Pyotr Illyich Tchaikovsky said of his Symphony No. 6: “But I absolutely consider it to be the best, and in particular, the most sincere of all my creations. I love it as I have never loved any of my other musical offspring.”
The comprehensive notes by Manfred Honeck offer an in-depth look into the composer’s soul and a fascinating look at the mind and decisions of a great conductor. To quote from Honeck’s music notes: “it is undoubtedly clear that Tchaikovsky truly put all of his soul into this unique masterpiece. I dare to say that in a way, Tchaikovsky experienced his own death through the music. One can be sure that only somebody who is deeply empathetic about both life and death can be capable of creating such an atmosphere and I am deeply grateful for the great musicians of the Pittsburgh Symphony Orchestra who went with me on this journey, requiring the utmost technical perfection to reach such a level of expression.”
This album also includes the world premiere of the “Rusalka Fantasy,” an orchestral suite that is drawn from Dvorák’s opera by Mr. Honeck and arranger Tomás Ille.
Pittsburgh Symphony Orchestra
Manfred Honeck, Conductor & Music Director
TracklistPlease note that the below previews are loaded as 44.1 kHz / 16 bit.
Total time: 01:07:00
|Original Recording Format|
Mark Donahue, John Newton (Sondmirror, Boston)
Heinz Hall for the Performing Arts, Pittsburgh, PA. USA
Pyramix, Merging Technologies
|Recording Type & Bit Rate|
|Release Date||May 13, 2016|
Classical Music Sentinel
“I believe most of you would agree that not many composers quite match Tchaikovsky when it comes to conjuring up a sense of “drama” in music. And especially the way he applies some of the most beautiful melodies to emotionally passionate moments is quite gripping. Include his preponderance for extensive tension escalation and perfectly timed release, and you have the perfect recipe for electrifying music. He certainly knew how to create vivid images in music.
Add to this the nervous energy of a live concert as we have here, and you’re in for an emotional roller coaster. For example, there’s an enormous amount of passionate energy released at the 13:00 mark of the first movement that is exceptionally well captured by Manfred Honeck and exceptionally well projected by the Pittsburgh players, and then followed by an overwhelming sense of calm at the end with a long, sustained chord perfectly pitched by the brass section. And even more cheers and bravos to the brass players for their tour de force acrobatics during the Allegro Molto Vivace third movement, a moment in music that feels like a march onward to victory on an epic scale. Best of all is the profound sense of pathos radiating from every strand of the final Adagio Lamentoso movement in which the Pittsburgh string section gets to shine. In the final two minutes alone, with its pseudo failing heartbeat rhythmic pulse, the lower strings are darkness shrouded in darkness, the epitome of intense gravity, and this account leaves a profound impression.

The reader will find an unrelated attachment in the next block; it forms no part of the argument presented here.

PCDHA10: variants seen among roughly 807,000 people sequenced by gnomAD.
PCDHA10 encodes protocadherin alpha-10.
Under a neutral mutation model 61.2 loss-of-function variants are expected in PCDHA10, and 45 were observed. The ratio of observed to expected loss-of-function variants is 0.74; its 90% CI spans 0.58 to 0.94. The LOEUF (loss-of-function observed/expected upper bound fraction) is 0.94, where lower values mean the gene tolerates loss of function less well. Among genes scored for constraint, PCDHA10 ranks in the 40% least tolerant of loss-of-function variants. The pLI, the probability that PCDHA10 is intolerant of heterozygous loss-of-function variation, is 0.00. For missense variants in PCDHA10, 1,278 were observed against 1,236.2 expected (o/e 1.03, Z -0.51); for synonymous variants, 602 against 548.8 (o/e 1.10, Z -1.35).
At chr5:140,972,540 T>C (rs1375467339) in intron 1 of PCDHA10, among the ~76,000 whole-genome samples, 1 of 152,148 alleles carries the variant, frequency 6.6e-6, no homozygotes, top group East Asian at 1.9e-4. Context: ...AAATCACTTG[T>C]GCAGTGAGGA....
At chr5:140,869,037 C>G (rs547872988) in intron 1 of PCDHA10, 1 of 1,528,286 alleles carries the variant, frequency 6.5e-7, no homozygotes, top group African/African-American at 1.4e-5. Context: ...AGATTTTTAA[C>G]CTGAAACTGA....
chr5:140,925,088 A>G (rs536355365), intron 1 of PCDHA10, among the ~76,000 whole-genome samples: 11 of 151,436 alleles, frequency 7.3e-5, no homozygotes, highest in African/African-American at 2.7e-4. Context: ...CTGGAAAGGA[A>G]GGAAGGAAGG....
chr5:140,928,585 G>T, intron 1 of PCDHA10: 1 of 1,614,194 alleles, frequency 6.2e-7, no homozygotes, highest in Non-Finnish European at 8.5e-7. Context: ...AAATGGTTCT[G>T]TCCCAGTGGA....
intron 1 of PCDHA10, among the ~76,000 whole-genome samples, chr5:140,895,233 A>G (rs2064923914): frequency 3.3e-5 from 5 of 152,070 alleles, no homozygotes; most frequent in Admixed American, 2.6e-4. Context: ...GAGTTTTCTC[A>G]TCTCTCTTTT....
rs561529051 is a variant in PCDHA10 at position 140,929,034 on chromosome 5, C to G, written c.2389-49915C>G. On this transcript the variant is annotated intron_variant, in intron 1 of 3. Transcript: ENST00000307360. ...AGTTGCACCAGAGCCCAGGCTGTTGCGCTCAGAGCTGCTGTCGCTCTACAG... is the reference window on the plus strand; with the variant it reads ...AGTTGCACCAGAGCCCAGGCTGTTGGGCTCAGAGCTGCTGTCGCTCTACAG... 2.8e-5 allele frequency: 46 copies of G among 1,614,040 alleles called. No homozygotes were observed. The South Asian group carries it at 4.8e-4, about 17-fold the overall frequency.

If you’re looking for an up-to-date, live, full-spectrum recording, you can’t do much better than this.”
The Arts Desk
Any new album from this particular team is usually an event, and this one keeps up the trend.…But the excellence of the playing and sound engineering never draws undue attention to itself; what’s compelling is the intelligence and musicality of the performance. …It works beautifully… An outstanding album, and not just for audiophiles.”
“It is fair to say that Manfred Honeck’s series of live recordings with the Pittsburgh Symphony Orchestra of music by Richard Strauss, Dvorak, Bruckner and Beethoven on the Reference Recordings Fresh! label have been revelatory, even to those listeners who are very familiar with the works featured on them that are cornerstones of the orchestral repertoire.
The main work on this latest release is Tchaikovsky’s Symphony No. 6 in B minor and in an engrossing twelve-page essay in the liner notes Honeck first discusses the genesis of the Symphony and speculates on its probable secret program. These notes are worth the price of the album.
From the first bars this is to be a special account of the Symphony. It is no surprise then to find that the ‘Rusalka Fantasy’ is like a newly minted Dvorak orchestral masterpiece. The PSO’s scintillating performance of the suite makes it a most welcome and imaginative addition to the catalogue.
The skilled recording team (Soundmirror, Boston) have ensured that these recordings, made and post produced in DSD 256, are in every way worthy of the performances enshrined on this album.
There is no doubt that the Pittsburgh Symphony Orchestra are fortunate to have such a perceptive Music Director with a meticulous care for detail and the ability to deliver performances of such consistently high quality. But Manfred Honeck is equally blessed with a supremely accomplished virtuoso orchestra who can fulfil his wishes to the letter. Long may this partnership continue and, hopefully, yield many more such involving, and often spine-tingling, recordings as these.”
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